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sicndhed last won the day on May 1 2014

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About sicndhed

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    I have a low rust/lots of dents '71 sportsroof.


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  1. I bought it from Eddie at ADCO Mustangs in Harrison AR. It's the fifth I've bought from him (66,67,69 and two 71s). The others are all projects. The one I bought yesterday was for parts. I'll probably sell the shell after I get my stuff off it. If you're considering something from Eddie I can shoot pictures for you. He and his wife don't do much in the way of social media/internet.
  2. Was this a pewter 71 fastback that you bought? It's peeling yellow. The nose is grabber blue underneath and trying to be blue again. Had a half vinyl roof that messed up the metal up there.
  3. I think you did fine. I was doing the same thing today. I bought a '71 parts car this afternoon. It looks to have been "MACHed" from a base model a long time ago. I'll be getting a hood, deluxe interior door hardware, tach, clutch pedals, tail light panel honeycomb, rear end, urethane bumper and front discs. Price situation was similar to what you encountered. Part of the deal is I have to pull and return the engine.
  4. A '66 427 with a '67 hood. Had it for about a year.
  5. Did a dropped tube axle in a '66. I moved the place where the frame gets taller back to help keep the nose down. Lots of room for a any engine once the shock towers are gone. After I got the suspension in the project got put away so I can't comment on how it rides (yet).
  6. The low end performance of the engine is a big factor in happy overdrive gearing. My 2000 Viper has a .5 sixth gear and with a 3.07 ring and pinion. Sixth can be used at 60 mph quite easily. I have the same trans in a '72 Vette and a 3.55 final drive. When it had a 427 in it with a 246 @ 50 cam, 70 MPH was about the slowest it was happy in sixth. When it had a mild 350 with a 196 @ 50 cam it was easy to use sixth down to about 63 MPH. I have an 11.5 :1 compression 406 in a Camaro that required a slower advance curve when I installed a TKO600 in it. It had been fine with the 1:1 four speed but even with the slower curve, 2000 rpm is about as low as I take it in fifth. After doing six overdrive conversions in muscle cars I've found that carb and ignition tuning can get very picky as you try to use numerically lower overall ratios especially with any kind of performance cam and compression. There are a lot of hills where I live and that makes tuning even more important in trying to avoid constant downshifting. If it's flat where you live it will be easier to use low rpm/OD combinations. Heat comes into play too. Adding OD to older cars can put them into a situation (high load/low rpm) that is a asking for detonation.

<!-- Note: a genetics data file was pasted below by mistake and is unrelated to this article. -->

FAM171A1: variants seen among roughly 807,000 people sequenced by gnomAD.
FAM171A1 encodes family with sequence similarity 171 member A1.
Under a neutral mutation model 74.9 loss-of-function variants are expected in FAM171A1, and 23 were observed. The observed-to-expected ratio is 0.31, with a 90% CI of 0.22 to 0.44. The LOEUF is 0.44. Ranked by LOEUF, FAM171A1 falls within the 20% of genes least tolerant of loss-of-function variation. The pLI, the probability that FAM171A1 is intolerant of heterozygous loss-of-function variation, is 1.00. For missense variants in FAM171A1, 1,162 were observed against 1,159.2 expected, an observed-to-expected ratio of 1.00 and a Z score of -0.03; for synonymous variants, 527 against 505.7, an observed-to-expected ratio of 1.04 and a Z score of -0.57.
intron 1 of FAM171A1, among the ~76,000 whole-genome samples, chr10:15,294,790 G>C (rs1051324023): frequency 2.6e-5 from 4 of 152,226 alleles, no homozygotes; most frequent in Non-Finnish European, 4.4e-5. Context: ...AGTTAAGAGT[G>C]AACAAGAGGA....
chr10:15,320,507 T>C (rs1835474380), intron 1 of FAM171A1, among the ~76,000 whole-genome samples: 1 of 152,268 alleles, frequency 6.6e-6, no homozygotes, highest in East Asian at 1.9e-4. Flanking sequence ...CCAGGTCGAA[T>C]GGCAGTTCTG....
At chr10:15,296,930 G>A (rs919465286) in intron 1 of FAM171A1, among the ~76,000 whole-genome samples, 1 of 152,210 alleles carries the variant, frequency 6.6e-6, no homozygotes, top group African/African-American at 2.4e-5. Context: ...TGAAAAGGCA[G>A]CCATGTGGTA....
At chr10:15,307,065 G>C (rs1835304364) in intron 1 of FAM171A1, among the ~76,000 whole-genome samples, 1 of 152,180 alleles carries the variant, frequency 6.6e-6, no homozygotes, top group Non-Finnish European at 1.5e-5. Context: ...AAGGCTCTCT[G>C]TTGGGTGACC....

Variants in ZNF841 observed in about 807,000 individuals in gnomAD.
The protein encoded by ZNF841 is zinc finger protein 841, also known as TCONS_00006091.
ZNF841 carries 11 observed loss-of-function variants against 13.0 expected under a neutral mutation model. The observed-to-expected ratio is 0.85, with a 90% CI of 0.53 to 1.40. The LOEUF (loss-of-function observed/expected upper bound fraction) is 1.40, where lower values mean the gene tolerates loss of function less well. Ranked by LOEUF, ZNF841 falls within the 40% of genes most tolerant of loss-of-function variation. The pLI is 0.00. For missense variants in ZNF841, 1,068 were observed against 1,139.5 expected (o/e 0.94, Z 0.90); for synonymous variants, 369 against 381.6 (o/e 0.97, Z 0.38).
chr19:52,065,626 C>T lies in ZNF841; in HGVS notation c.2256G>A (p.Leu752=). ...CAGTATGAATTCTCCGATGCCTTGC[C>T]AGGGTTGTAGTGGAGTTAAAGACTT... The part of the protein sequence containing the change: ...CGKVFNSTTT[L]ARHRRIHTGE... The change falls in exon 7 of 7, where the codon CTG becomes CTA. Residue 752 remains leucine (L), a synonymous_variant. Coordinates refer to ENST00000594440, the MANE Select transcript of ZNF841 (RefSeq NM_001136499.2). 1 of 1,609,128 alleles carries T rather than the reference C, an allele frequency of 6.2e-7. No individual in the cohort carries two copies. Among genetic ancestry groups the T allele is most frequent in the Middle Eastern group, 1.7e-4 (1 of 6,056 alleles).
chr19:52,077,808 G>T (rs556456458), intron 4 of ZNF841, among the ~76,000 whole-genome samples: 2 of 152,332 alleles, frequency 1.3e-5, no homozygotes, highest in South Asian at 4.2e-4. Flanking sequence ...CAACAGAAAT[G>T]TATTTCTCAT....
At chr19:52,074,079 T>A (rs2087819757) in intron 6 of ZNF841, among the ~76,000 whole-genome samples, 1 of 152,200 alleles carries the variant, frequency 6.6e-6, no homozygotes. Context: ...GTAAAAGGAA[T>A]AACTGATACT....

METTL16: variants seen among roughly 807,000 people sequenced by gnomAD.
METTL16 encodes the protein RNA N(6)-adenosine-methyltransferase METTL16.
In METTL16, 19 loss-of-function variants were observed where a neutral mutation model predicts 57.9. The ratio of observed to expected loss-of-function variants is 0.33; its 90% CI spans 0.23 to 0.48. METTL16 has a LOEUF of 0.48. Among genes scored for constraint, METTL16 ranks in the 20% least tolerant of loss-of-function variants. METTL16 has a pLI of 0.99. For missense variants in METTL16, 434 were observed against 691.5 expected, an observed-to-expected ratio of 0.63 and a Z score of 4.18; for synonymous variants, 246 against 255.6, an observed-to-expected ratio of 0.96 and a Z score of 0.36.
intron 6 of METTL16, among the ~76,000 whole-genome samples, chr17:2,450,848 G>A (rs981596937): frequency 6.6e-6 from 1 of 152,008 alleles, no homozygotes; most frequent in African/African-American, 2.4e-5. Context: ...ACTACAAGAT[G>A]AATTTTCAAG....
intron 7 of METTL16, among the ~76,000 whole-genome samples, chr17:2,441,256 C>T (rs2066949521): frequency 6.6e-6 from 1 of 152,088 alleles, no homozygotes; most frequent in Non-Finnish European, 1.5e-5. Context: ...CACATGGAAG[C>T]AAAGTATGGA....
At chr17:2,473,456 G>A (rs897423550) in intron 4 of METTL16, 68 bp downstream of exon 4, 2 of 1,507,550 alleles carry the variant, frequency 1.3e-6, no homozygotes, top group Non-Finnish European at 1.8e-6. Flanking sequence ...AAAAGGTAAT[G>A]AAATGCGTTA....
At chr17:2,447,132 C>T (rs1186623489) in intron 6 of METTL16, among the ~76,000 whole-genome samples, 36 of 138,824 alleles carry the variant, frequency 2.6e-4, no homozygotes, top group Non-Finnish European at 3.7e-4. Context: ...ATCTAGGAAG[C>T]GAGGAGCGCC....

7. If it was TYCO PRO question I could ask Pat Dennis but I doubt if he's got any thing to add about this one.
  8. Don't know how rare but it is cool. Solid rivet?
  9. There was another strike in '72. When it was resolved about 1100 semi-complete Camaros and Firebirds were crushed as there were too many issues with finishing them. I saw a photo of a bunch of them stacked two high while waiting to be crushed. I wish my '78 was a '72 (not a crushed one though).
  10. Throttle response is going to be insane :)
  11. I bought an Innovate. It just quite working after about three years. I found it very useful. My biggest surprise was observing how at other than WOT hitting theoretical AFR targets did not always produce good drivability. I often had to be a bit rich to get a smooth and responsive running engine. I believe the reason for this is the meter is reading the average AFR of the bank being sampled. Any lean cylinders will hut the way the engine runs a lot more than some cylinders that are a bit too rich. This along with reversion and other issues with a larger cam require added fuel as a sort of a crutch ( timing curves were modified for the cams and compression). I thought that maybe I was getting less than accurate numbers for a while but I ran one car on an engine dyno and the dyno's AFR ratios were very close to mine. I found that I did not use data logging much. Real time driving a typically gave me adequate information to then adjust carbs. Having a passenger can call out numbers at a few key times and make it very easy to be ready to tune as soon as we stopped the car. On cars with smaller cams (less than about mid 230s @ .050) getting close to theoretical targets tended to produce a great driving car. I liked the unit enough to buy a second one.
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